Oregon's rate matched the national rate of 3% of the workforce. But Krumenauer said Oregon is among 15 states that reported a "significant" number of job separations.

Mandate effects uncertain

Krumenauer said it is too early to tell what effect vaccine mandates will have on workers who may quit rather than obtain immunizations against the COVID-19 coronavirus.

Gov. Kate Brown has ordered vaccinations for most state workers — other than those who work for the Legislature or the courts, two branches she does not control — and health care and school workers. Courts have rejected legal challenges to her order, but the two unions that represent much of the state government workforce — Local 503 of Service Employees International Union and Council 75 of the American Federation of State, County and Municipal Employees — have negotiated more time for compliance.

Meanwhile, the U.S. Occupational Safety and Health Administration is writing a requirement for companies with 100 or more workers to obtain vaccines or submit to weekly testing. The rule, not yet in effect, complements President Joe Biden's order for federal government employees and federal contractors to do the same.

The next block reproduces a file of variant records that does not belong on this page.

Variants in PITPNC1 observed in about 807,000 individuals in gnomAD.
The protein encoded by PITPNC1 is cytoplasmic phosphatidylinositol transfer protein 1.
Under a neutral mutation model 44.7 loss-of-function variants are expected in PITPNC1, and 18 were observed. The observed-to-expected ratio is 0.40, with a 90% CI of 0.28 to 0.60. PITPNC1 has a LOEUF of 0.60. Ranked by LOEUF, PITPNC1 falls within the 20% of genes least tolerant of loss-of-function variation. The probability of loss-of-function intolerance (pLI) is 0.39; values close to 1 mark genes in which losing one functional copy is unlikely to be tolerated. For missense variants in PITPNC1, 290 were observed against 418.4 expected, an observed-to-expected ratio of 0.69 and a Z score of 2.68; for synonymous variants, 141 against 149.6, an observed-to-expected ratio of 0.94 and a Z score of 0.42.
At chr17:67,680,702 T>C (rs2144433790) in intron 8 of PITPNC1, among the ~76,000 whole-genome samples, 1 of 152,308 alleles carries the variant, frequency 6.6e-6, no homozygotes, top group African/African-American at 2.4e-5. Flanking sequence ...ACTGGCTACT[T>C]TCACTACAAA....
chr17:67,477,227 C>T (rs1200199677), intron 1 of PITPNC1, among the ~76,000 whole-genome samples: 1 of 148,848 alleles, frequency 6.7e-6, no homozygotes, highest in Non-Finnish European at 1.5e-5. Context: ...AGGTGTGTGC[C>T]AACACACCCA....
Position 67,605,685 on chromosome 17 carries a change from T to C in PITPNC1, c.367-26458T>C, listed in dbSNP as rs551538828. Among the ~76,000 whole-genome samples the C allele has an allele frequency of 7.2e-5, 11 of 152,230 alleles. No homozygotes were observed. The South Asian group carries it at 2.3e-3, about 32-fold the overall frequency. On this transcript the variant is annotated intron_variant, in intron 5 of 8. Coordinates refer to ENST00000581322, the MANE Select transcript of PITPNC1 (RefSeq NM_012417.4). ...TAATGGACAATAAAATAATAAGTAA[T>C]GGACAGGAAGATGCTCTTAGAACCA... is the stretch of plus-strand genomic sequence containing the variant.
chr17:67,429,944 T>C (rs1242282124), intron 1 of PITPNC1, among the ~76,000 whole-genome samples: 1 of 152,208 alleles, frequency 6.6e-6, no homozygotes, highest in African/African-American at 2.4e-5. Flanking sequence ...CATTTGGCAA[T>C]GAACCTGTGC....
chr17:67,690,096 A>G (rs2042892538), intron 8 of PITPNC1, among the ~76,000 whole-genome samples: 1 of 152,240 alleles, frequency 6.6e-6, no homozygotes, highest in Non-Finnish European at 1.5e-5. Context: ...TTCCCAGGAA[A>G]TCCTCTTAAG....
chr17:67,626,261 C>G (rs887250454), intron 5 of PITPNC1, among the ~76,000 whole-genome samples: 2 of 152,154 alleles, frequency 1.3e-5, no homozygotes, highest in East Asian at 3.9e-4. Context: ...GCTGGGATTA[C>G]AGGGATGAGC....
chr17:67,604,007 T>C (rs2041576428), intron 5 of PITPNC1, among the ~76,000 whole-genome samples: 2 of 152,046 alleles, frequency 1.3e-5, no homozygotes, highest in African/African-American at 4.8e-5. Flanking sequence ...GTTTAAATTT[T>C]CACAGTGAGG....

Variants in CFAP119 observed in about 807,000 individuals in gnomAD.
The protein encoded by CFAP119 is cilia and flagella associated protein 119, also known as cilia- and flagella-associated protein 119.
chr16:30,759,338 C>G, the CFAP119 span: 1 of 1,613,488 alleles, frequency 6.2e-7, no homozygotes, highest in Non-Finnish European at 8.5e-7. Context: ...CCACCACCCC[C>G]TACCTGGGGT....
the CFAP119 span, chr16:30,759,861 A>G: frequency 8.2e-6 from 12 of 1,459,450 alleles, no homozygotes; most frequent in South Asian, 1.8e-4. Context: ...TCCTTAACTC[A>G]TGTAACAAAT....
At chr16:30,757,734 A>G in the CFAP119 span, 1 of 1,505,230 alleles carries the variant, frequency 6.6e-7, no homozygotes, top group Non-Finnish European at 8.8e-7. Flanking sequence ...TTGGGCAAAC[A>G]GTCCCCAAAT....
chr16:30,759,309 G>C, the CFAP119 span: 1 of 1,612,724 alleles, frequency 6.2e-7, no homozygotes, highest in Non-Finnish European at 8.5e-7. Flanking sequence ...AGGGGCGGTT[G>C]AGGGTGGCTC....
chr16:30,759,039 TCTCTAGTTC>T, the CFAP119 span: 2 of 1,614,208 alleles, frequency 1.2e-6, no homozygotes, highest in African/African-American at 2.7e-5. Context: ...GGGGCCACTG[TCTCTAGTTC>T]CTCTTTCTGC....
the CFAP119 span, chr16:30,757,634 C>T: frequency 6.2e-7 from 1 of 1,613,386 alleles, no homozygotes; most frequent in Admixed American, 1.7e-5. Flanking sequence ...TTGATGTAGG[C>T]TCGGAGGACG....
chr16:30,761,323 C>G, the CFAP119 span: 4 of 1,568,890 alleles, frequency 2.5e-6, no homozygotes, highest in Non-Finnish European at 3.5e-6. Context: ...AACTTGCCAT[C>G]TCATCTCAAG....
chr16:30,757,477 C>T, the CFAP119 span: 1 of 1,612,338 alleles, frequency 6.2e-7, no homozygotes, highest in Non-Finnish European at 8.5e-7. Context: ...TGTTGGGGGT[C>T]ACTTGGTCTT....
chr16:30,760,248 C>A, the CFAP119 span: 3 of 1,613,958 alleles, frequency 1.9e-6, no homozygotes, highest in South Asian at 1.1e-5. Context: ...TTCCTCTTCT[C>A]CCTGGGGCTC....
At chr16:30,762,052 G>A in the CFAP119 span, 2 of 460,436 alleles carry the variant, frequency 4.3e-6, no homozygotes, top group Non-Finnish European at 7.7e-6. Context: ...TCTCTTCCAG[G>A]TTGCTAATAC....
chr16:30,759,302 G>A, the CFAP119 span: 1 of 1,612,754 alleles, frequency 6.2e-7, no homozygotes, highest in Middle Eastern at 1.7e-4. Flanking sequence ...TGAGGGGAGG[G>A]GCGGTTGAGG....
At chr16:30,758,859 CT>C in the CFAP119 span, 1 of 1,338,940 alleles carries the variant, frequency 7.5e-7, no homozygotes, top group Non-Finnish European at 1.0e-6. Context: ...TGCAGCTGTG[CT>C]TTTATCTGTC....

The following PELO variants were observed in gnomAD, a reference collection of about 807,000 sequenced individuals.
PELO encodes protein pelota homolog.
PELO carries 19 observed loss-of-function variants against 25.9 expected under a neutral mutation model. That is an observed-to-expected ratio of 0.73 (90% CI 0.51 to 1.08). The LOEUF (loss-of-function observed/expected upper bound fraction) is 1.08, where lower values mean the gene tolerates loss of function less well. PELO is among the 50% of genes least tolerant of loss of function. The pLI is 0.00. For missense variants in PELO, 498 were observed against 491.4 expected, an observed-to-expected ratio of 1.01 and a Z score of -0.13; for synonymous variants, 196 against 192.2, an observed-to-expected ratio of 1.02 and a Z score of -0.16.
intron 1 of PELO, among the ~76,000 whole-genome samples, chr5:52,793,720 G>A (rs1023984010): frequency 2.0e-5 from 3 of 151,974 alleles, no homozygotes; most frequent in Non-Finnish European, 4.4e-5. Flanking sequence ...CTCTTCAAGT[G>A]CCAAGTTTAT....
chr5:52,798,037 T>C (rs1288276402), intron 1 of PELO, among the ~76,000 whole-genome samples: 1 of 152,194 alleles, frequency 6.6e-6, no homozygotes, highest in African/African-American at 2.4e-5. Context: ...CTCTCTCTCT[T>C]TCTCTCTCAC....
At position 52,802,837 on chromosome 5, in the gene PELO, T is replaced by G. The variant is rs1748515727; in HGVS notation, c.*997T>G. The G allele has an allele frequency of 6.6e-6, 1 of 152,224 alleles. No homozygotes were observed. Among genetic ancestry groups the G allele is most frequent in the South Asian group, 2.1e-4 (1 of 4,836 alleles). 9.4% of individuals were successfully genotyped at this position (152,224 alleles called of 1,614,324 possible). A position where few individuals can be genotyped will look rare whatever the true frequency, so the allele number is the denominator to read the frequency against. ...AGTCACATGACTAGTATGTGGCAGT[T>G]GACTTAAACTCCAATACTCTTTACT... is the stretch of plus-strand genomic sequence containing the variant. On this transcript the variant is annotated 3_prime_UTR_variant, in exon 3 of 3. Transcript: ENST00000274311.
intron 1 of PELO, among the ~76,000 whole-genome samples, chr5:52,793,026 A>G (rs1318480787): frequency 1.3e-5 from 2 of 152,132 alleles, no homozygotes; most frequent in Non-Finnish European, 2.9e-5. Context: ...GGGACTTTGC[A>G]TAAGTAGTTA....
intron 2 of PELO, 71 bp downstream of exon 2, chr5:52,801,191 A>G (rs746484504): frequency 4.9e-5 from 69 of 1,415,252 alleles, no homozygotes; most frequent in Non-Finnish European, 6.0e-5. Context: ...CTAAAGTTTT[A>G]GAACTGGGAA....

Krumenauer said the mandates taken together are likely to affect 1.1 million workers, about 60% of Oregon's labor force. But the mandates are unlikely to take full effect before October's unemployment report, which will be released Nov. 16.

Even then, she said, employers are not required to specify why jobs are lost.

because of extensions, might not show up until after November reports. November unemployment report will reflect October numbers.

Employers do not report specifically that jobs were cut because of vaccine mandates.

"We do not get that level of specificity, even though we would all like to see that right now," she said.